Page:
Let's just ignore the fact more than six months have passed since I last published a post on this site. Let's also not talk about the numerous post ideas I have listed in my notebook that haven't seen the light of day. Let's instead focus on how we came up with the design for this extension of ours (which, despite six months later is still three roof sheets short of being watertight from above! It's been... well it was all good until last month when the rain didn't stop and we had no roof. But that is a story for another day... Not six months away though, promise!)
So. When we were house hunting four years ago we had a few musts: it needed to be a fixer-upper because we wanted to make our own stamp on it. Location was important - we wanted to be close to the water. It had to have good light, good structural bones, a decent yard and the potential for us to add to it. We found the ugliest house in the best street with water views and snapped it up. The good thing about it being an ugly house was there was no history or architectural details which we had to work around which is often the case with old houses. This was fibro. It had plain walls, plain windows, plain cornices, plain everything. It was essentially a blank canvas (and I hate using that term, but it's true). Our last home had pretty cornices, timber windows and a real cottage-y feel to it we tried to keep while modernising it. Our first house was a historical semi we didn't dare touch aside from paint in tones true to its style. This house had nothing really. It gave us freedom to do what we wanted without feeling guilty about veering away from its "style" or stripping it of character. I believe in working with what you have and if it had any redeeming features, we'd definitely have worked with them in the design process. As it happened, we ended up creating the story of our house once work started - we recycled parts of the old roof into stair treads, changed the floor direction in the extension and kept a few original parts like the old knocker and house numbers. We have piles of hardwood from the roof that will become a bar top and library shelves. We reused the huge beams as heads above doorways and windows, moved some windows around and recycled doors. It's nice to have a kind-of-cool answer for the "why is that like that..." questions that might come.
But before we even got to creating a story, we had to create a plan. And while it's tempting to look at magazines and Pinterest and blogs and imagine yourself in that space, there are so many more factors to consider aside from loving something because it looks pretty. Captain Obvious, right? Well yes and no because despite all my constant writing about this stuff, it's easy to get swept away imagining something when the reality is likely to be very different. And know that it's not just a matter of things being different due to your tastes or location, but it's to the rules of YOUR property - and they might be different to your immediate neighbour's. It's the way you live your life. It's your actual home's ability to handle the changes you wish to make. It's your budget. And weather patterns. It's your personal needs and those of every person who lives there. The list of things that can affect your home's design is endless, so by all means look to others for inspiration, but be sure to design the best space for you and your family, taking into consideration all the musts/have-tos and can'ts along the way. After a few harsh realities from Steve (who rolled his eyes every time I showed him an all-white Swedish space and explained "something like this!"), I wondered how close to the mark we would get in terms of creating a home perfect for us. While we've not finished or been able to use our space completely, so far, I can't see much I'd change if I had free reign. Which makes me think the long, long design path was the right road to take. If you're looking at taking yourself on a similar renovation journey, here are a few things we learnt along the way.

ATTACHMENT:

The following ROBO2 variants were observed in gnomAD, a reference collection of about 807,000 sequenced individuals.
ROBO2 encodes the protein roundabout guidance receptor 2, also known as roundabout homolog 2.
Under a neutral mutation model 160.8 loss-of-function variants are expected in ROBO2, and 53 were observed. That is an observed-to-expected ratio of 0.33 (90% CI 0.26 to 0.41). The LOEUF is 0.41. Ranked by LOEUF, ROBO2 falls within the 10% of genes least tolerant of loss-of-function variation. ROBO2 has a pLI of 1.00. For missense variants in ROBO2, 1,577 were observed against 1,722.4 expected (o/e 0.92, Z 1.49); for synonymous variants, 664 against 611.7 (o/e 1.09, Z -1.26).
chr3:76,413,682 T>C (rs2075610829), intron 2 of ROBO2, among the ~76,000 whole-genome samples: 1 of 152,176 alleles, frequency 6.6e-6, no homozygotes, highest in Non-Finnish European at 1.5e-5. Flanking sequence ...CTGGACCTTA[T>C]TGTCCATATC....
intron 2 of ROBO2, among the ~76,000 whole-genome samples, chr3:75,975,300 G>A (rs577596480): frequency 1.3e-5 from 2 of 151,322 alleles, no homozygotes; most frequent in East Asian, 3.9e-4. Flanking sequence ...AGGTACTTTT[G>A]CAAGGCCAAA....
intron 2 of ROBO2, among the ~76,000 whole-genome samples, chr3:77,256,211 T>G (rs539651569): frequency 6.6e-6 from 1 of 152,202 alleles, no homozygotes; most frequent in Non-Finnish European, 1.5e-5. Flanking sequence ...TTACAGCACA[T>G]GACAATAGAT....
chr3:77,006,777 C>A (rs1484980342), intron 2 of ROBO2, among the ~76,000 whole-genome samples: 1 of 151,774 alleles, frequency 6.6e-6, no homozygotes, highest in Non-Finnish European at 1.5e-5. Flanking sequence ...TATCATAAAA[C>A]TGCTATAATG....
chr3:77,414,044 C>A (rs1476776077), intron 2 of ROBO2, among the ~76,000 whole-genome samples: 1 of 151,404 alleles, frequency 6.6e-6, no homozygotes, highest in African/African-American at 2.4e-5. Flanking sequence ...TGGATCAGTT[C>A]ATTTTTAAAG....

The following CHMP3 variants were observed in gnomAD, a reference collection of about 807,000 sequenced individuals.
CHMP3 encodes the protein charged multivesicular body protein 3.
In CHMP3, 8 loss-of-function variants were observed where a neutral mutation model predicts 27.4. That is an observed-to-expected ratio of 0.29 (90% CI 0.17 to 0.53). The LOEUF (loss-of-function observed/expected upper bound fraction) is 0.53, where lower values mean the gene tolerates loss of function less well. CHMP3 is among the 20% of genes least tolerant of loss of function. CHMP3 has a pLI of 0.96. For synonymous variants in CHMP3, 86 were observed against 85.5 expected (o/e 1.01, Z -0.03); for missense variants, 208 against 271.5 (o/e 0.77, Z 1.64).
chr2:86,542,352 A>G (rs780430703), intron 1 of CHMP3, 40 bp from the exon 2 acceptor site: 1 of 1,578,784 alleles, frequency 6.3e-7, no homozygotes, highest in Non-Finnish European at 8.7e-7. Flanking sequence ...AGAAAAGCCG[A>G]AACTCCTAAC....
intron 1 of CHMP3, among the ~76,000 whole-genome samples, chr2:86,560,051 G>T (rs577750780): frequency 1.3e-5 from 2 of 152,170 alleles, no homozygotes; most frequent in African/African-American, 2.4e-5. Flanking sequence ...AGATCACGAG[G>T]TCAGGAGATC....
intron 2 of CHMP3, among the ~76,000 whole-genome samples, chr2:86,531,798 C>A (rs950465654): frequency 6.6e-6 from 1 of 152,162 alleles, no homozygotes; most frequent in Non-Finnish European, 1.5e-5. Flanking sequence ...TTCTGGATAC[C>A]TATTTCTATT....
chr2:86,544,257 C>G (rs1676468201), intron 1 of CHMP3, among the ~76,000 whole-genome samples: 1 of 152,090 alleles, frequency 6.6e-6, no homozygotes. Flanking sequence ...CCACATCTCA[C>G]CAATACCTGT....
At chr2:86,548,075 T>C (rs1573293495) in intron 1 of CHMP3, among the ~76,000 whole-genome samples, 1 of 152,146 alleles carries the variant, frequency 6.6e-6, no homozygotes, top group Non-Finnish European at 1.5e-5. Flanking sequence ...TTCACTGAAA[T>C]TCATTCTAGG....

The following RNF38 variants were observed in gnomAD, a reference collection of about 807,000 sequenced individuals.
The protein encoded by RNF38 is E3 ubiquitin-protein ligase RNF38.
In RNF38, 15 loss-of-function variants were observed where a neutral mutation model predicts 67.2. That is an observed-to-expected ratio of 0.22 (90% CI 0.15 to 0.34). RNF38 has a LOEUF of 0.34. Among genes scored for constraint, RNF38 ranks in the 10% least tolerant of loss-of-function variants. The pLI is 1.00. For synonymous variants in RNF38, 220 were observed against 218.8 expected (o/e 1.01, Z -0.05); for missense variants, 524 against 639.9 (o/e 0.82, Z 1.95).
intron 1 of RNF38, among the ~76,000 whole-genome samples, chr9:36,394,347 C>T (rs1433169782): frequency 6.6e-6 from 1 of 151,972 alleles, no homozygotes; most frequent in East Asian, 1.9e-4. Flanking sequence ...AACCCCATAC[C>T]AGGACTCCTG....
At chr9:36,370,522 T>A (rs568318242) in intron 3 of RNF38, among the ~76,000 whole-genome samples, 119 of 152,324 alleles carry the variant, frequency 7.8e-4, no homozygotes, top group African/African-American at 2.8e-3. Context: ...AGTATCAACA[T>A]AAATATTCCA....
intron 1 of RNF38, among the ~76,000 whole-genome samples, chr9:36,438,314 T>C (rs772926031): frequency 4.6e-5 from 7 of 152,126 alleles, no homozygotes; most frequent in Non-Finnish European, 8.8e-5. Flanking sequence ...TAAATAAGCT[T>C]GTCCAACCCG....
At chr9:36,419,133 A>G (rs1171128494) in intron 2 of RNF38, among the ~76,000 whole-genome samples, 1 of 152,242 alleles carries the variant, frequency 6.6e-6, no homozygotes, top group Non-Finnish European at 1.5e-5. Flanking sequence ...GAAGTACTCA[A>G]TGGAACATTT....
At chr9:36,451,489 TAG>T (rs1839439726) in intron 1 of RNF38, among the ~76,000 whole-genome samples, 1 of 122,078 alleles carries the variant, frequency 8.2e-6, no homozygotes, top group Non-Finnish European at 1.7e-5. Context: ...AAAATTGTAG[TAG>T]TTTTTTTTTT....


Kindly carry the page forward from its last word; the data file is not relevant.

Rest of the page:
Resist the urge to get renovating immediately
Any magazine article on renovating will tell you to live in your space before you do anything major to it. There is a good reason for this - because it helps you make better decisions. If you can do a full year, do it - because honestly, your home is so different throughout the seasons and you want to ensure you know it back to front. The light falls differently in winter to summer - we discovered the afternoon sun bounces off the verandah of the house across the street from us and rebounds into our bedroom in summer and lights up the south side of the home in winter. We know the afternoon sun is unbearable in summer at the back of our house (which faces West) but that the sea breeze cools things down most days too. We know how the yard floods and where the shade falls for prime planting. We've worked out where we have mould problems, where we like to dump our wallets and keys, how we don't walk down the driveway but across the middle of the lawn to the front door, which way the weather usually comes from and where the rain affects us most. Putting up with all the annoyances that come with an unrenovated house is worthwhile because you work out what annoys you, what you like, how you live, what you need to make living better - knowing all these things is essential for good design.
Create a wishlist